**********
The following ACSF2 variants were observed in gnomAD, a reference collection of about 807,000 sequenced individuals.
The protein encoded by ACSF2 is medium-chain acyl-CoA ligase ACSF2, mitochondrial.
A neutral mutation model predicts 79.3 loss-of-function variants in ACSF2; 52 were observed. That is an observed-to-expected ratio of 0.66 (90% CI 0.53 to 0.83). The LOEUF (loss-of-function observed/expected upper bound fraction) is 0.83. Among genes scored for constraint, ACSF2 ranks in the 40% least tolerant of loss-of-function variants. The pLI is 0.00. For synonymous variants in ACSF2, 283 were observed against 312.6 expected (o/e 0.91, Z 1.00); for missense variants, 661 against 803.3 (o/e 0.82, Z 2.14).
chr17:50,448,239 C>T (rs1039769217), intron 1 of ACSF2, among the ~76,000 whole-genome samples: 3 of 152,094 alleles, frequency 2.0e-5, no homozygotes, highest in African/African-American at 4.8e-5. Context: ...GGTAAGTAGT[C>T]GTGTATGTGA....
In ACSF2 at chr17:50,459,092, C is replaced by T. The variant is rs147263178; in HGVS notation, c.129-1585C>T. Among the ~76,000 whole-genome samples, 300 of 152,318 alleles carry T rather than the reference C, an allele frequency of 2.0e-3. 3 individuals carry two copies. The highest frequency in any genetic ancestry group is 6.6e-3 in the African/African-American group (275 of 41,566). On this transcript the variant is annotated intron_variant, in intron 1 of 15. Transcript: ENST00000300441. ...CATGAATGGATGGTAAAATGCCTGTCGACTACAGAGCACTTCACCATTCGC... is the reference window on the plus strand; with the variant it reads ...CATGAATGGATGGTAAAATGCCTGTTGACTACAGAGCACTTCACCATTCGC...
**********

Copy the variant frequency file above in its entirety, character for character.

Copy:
The following ACSF2 variants were observed in gnomAD, a reference collection of about 807,000 sequenced individuals.
The protein encoded by ACSF2 is medium-chain acyl-CoA ligase ACSF2, mitochondrial.
A neutral mutation model predicts 79.3 loss-of-function variants in ACSF2; 52 were observed. That is an observed-to-expected ratio of 0.66 (90% CI 0.53 to 0.83). The LOEUF (loss-of-function observed/expected upper bound fraction) is 0.83. Among genes scored for constraint, ACSF2 ranks in the 40% least tolerant of loss-of-function variants. The pLI is 0.00. For synonymous variants in ACSF2, 283 were observed against 312.6 expected (o/e 0.91, Z 1.00); for missense variants, 661 against 803.3 (o/e 0.82, Z 2.14).
chr17:50,448,239 C>T (rs1039769217), intron 1 of ACSF2, among the ~76,000 whole-genome samples: 3 of 152,094 alleles, frequency 2.0e-5, no homozygotes, highest in African/African-American at 4.8e-5. Context: ...GGTAAGTAGT[C>T]GTGTATGTGA....
In ACSF2 at chr17:50,459,092, C is replaced by T. The variant is rs147263178; in HGVS notation, c.129-1585C>T. Among the ~76,000 whole-genome samples, 300 of 152,318 alleles carry T rather than the reference C, an allele frequency of 2.0e-3. 3 individuals carry two copies. The highest frequency in any genetic ancestry group is 6.6e-3 in the African/African-American group (275 of 41,566). On this transcript the variant is annotated intron_variant, in intron 1 of 15. Transcript: ENST00000300441. ...CATGAATGGATGGTAAAATGCCTGTCGACTACAGAGCACTTCACCATTCGC... is the reference window on the plus strand; with the variant it reads ...CATGAATGGATGGTAAAATGCCTGTTGACTACAGAGCACTTCACCATTCGC...